- The Washington Times - Saturday, November 29, 2003


By Arthur Gelb

G.P. Putnam’s Sons, $29.95, 664 pages


Once upon a time, in a time and place now far away, there was a newspaper that set the standard for what every newspaper wanted to be when it grew up. Every young reporter in Peoria, Little Rock and Omaha dreamed of one day working there. The New York Times of that time and place is gone now, along with most of the artifacts and traditions of the era before television, when everybody in every town who could read invariably read the newspaper, and often two or even three.

The “gentlemen of the press” have been replaced by “the members of the media” (difficult even to say in mixed company). The rogues and rascals who made the city rooms fascinating places to obtain a higher education have been replaced by the young men and women that the rogues and rascals would have disdained as “college boys.” The “morgue,” the repository of a city’s history, has been replaced by the “library.” Lawyers and accountants, who wouldn’t have been allowed in city rooms in that bygone era, are now occasionally allowed to speak to editors.

Gone is the clatter of the typewriter, gruff editors in green eyeshades, the brass spittoons, cigaret smoke, the booze and the bookies. Old city editors used to say that the best newspapermen were the Jews, the Southerners and the Irish — the Jews were drawn to newsprint for the opportunity to do good, the Southerners for the love of the language and opportunity to spin stories, the Irish for the free booze that press agents, on the scout for a kind printed word for a client, slipped into the bottom drawer of a reporter’s desk.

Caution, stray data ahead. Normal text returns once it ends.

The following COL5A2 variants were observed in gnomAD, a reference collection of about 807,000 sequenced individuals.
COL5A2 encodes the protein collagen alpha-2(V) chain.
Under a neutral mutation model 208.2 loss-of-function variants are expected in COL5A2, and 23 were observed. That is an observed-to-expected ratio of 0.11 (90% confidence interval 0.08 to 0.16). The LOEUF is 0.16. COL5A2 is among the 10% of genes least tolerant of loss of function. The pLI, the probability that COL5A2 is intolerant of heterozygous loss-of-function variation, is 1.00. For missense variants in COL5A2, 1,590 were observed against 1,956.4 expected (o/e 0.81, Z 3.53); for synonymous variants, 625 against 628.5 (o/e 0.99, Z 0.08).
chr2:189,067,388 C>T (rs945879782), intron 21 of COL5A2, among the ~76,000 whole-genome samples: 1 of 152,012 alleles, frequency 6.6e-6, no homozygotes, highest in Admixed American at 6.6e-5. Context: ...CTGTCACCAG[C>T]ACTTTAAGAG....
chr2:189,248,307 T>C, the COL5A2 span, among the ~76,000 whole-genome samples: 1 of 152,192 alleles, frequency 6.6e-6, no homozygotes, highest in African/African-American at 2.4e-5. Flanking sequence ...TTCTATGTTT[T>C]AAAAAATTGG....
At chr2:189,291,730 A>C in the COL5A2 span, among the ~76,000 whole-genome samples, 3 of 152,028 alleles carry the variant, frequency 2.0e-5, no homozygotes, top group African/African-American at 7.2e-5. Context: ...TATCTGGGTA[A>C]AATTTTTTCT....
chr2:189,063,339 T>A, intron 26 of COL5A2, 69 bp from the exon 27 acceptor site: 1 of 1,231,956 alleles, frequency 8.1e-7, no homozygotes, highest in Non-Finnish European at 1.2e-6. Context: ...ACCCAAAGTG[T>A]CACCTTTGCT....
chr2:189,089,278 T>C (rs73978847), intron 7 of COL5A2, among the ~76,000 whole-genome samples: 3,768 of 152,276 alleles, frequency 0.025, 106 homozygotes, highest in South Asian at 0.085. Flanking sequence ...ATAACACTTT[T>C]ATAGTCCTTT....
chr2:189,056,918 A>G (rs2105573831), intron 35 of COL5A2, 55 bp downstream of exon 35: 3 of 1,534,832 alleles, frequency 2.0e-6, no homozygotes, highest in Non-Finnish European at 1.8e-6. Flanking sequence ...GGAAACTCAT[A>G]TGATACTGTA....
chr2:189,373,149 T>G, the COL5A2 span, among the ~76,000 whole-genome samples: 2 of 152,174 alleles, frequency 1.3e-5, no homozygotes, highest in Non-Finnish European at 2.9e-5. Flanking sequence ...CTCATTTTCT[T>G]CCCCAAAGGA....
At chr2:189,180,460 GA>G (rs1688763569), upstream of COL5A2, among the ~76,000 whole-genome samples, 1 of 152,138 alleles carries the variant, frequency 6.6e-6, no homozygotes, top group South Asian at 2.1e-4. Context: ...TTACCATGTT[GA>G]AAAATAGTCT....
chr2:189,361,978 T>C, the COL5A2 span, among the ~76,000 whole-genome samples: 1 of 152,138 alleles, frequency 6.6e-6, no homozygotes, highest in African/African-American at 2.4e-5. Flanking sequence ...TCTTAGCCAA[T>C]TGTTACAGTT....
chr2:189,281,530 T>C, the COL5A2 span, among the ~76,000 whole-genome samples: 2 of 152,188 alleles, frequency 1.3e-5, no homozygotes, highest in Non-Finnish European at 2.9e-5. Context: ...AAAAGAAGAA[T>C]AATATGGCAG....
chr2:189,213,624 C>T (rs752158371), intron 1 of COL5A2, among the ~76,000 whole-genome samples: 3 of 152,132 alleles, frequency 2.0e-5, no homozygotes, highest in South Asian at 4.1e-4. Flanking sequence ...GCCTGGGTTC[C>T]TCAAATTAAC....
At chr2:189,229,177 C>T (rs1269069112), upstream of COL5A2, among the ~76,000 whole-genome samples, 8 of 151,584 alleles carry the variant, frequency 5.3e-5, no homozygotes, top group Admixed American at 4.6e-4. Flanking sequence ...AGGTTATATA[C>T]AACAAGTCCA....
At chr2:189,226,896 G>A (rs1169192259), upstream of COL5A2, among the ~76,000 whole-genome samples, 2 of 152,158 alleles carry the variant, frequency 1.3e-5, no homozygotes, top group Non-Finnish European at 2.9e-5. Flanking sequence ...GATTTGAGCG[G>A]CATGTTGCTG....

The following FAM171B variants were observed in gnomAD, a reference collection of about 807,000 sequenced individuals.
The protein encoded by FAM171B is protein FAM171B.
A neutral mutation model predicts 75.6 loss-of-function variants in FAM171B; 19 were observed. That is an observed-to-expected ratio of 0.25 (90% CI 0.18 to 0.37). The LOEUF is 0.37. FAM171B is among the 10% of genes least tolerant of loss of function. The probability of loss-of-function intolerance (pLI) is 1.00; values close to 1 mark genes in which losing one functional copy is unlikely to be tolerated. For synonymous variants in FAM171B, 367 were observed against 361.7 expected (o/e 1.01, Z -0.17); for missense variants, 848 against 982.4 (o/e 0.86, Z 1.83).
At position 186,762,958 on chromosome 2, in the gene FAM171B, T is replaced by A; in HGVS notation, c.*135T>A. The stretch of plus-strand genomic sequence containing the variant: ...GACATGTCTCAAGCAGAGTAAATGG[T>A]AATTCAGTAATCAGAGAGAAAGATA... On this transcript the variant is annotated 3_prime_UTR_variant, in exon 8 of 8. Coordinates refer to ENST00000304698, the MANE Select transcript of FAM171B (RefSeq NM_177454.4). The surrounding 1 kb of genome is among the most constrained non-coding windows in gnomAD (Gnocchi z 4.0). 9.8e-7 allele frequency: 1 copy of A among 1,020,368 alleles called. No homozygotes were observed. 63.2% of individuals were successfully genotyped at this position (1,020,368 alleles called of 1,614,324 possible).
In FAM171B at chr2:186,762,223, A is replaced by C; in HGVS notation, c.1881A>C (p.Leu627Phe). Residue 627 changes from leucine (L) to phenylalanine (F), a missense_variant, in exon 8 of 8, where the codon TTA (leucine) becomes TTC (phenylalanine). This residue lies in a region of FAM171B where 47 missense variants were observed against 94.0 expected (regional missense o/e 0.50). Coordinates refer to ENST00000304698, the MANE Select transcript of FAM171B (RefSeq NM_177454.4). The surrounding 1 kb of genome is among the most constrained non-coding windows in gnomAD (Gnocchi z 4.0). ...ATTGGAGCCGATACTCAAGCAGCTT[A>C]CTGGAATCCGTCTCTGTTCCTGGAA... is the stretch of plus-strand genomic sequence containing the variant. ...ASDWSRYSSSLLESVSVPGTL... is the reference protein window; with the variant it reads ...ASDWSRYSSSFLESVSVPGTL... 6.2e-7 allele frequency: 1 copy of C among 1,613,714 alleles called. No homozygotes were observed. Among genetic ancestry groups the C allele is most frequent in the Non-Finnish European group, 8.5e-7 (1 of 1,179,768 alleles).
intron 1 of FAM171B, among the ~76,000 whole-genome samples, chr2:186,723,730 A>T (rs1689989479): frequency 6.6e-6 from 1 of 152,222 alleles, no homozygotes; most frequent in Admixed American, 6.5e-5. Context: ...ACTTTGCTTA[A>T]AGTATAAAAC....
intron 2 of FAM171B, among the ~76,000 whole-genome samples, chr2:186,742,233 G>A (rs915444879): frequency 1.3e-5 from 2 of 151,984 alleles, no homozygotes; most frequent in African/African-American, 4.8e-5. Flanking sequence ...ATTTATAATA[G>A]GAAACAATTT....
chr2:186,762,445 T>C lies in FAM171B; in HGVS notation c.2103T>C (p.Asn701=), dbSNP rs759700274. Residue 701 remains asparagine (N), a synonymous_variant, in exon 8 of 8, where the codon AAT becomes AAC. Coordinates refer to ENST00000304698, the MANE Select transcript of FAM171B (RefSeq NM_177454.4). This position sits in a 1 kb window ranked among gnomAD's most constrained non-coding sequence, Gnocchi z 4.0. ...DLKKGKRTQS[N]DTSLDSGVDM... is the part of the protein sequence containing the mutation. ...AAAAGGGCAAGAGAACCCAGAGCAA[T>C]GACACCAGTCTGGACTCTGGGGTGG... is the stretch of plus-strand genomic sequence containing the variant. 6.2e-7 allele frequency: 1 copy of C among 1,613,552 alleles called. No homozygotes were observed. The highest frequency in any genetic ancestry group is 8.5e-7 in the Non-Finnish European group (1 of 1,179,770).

Exciting times, robust and swashbuckling times, and probably unconstitutional now. Arthur Gelb, who was a reporter, critic and Metropolitan editor of the New York Times in the last of those glory days and who became the managing editor at the end of his career, has masterfully recreated that era when the men and women who produced newspapers and even the New York Times usually took their work and not themselves seriously. The priorities have been reversed in the modern era, and it shows. Neither the times nor the Times is quite what it used to be, but it was great fun while it lasted.

“City Room” is actually three stories, woven seamlessly together through 664 pages: the people that Arthur Gelb has known and written about over 45 years in Manhattan, and this includes everybody who was anybody — the likes of Joe Papp, John Lindsay, Owney Madden and enough movie stars to stock a studio commissary canteen. There are inside stories about the intramural intrigues that will intrigue a lot of newspaper folk in New York and Washington. And finally there’s the story of how a newspaper, particularly the New York Times, works and how it became a national institution, projecting power and influence far beyond Manhattan.

The author settles a few scores, and tells it all with verve and dispatch. He dishes the occasional dirt with a reporter’s bland eye, no pain intended. Even the intramural intrigues are sometimes interesting to the outside reader. The newspaper stories, which illuminate the era as only newspaper stories can, are the best.